All Fall Down


1h 51m 1962
All Fall Down

Brief Synopsis

A young drifter's romance with an older woman is threatened by his possessive mother.

Photos & Videos

Film Details

Genre
Drama
Adaptation
Classic Hollywood
Release Date
Jan 1962
Premiere Information
Chicago opening: 28 Mar 1962
Production Company
John Houseman Productions
Distribution Company
Metro-Goldwyn-Mayer, Inc.
Country
United States
Location
Key West, Florida, USA
Screenplay Information
Based on the novel All Fall Down by James Leo Herlihy (New York, 1960).

Technical Specs

Duration
1h 51m
Sound
Mono (Westrex Recording System)
Color
Black and White
Theatrical Aspect Ratio
1.85 : 1

Synopsis

Fifteen-year-old Clinton Willart arrives in Florida with $200 for his older brother, Berry-Berry, whom he idolizes. Berry-Berry had wired home for cash to go into business; actually he needs the money to pay a jail fine for beating up a prostitute. Once free, Berry-Berry sends Clinton back to Ohio, vaguely promising to return for Christmas. At home with Annabel, his talkative and meddling mother, and Ralph, his likeable but alcoholic father, Clinton views their life as humdrum compared with Berry-Berry's glamorous existence. Excitement suddenly comes into Clinton's life, however, with the appearance of Echo O'Brien, the daughter of Annabel's closest friend. Echo's beauty and charm captivate the entire family, particularly young Clinton. Then Berry-Berry returns. Again his appeal to women proves irresistible, and Echo falls in love with him. Berry-Berry almost returns her love, but when he learns that she is pregnant, his latent misogyny reasserts itself, and he leaves her. Filled with despair, Echo drives her car off a cliff. At first, Clinton decides to kill his brother, but when Berry-Berry breaks down and sobs, Clinton realizes how pathetic his brother really is. No longer shackled by a distorted adoration for his older brother, Clinton leaves Berry-Berry to his own self-inflicted misery.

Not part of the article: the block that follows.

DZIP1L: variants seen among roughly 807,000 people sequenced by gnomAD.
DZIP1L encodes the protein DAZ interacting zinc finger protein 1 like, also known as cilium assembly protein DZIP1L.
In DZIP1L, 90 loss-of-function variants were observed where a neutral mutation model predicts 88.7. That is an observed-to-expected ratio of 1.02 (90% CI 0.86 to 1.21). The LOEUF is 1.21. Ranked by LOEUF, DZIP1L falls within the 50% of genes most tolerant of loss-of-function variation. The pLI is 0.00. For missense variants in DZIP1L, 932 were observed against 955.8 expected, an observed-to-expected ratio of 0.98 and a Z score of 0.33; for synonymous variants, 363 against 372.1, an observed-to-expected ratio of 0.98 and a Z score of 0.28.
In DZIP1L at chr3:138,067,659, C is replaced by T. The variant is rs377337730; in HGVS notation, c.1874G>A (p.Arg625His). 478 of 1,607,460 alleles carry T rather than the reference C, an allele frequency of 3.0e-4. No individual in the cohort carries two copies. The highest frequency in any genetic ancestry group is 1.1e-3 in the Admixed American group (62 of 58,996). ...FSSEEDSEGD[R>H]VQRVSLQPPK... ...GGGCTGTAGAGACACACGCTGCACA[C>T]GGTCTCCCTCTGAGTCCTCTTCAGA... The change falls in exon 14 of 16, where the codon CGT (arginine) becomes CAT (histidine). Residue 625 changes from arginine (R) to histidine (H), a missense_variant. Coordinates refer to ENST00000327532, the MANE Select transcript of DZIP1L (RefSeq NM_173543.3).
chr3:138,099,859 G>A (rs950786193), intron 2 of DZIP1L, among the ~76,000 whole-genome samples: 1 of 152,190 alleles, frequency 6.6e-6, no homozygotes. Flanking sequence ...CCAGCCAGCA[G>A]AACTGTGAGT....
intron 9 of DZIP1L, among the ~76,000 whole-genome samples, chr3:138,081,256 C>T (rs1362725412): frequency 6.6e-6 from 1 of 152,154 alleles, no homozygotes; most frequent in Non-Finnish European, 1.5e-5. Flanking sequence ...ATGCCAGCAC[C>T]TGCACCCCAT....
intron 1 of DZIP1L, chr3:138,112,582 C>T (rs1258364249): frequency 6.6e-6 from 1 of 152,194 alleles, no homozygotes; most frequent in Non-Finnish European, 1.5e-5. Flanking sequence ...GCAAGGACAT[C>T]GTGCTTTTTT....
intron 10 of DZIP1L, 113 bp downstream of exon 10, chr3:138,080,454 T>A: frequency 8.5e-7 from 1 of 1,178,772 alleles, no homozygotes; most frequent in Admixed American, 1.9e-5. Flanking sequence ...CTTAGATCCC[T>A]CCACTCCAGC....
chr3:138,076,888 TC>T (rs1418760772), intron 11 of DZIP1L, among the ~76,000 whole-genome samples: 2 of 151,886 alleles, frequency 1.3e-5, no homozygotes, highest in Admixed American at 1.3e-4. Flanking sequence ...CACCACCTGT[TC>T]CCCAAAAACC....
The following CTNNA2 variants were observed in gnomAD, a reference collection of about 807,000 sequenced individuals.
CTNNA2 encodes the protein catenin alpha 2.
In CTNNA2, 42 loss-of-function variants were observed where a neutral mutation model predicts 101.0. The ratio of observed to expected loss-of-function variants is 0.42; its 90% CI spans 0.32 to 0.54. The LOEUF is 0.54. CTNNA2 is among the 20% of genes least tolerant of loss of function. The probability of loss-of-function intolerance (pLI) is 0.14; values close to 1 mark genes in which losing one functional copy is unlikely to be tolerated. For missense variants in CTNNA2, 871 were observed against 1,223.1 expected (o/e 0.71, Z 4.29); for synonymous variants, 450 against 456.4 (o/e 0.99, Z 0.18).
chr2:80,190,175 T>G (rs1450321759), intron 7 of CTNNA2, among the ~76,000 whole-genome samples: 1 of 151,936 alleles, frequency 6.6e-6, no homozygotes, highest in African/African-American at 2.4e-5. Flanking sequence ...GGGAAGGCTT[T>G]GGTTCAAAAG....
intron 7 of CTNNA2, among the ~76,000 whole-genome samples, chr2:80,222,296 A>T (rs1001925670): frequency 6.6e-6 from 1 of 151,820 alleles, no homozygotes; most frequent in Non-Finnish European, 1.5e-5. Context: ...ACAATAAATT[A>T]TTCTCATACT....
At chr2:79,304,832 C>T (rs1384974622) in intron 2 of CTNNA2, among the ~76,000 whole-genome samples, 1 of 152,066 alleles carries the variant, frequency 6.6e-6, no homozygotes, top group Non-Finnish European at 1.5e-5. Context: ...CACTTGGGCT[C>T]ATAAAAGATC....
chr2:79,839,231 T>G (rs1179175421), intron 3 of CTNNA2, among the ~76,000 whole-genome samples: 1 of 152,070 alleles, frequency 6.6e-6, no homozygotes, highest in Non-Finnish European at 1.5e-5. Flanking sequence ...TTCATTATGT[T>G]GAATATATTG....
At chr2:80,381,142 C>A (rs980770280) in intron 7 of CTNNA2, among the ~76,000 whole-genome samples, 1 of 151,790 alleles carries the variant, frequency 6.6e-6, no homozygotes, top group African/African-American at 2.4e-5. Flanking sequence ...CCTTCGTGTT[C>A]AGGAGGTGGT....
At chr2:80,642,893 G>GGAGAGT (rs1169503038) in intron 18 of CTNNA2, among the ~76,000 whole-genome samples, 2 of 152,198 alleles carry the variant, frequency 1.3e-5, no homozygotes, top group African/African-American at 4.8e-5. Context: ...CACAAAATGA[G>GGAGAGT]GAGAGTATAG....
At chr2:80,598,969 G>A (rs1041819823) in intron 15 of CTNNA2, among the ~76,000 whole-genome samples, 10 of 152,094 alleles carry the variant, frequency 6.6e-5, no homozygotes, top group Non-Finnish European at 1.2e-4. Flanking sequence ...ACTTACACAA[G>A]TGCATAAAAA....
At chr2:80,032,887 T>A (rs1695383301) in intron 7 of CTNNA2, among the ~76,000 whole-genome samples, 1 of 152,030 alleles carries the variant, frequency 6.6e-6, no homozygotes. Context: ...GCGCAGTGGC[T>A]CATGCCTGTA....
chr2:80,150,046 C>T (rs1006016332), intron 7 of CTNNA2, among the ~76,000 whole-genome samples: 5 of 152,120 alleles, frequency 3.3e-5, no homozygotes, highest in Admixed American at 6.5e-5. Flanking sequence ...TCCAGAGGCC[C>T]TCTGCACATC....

Photo Collections

All Fall Down - Publicity Stills
Here are several photos taken to help publicize MGM's All Fall Down (1962), starring Warren Beatty, Eva Marie Saint, Karl Malden, and Angela Lansbury. Publicity stills were specially-posed photos, usually taken off the set, for purposes of publicity or reference for promotional artwork.
All Fall Down - Movie Poster
Here is the American One-Sheet Movie Poster from All Fall Down (1962). One-sheets measured 27x41 inches, and were the poster style most commonly used in theaters.

Film Details

Genre
Drama
Adaptation
Classic Hollywood
Release Date
Jan 1962
Premiere Information
Chicago opening: 28 Mar 1962
Production Company
John Houseman Productions
Distribution Company
Metro-Goldwyn-Mayer, Inc.
Country
United States
Location
Key West, Florida, USA
Screenplay Information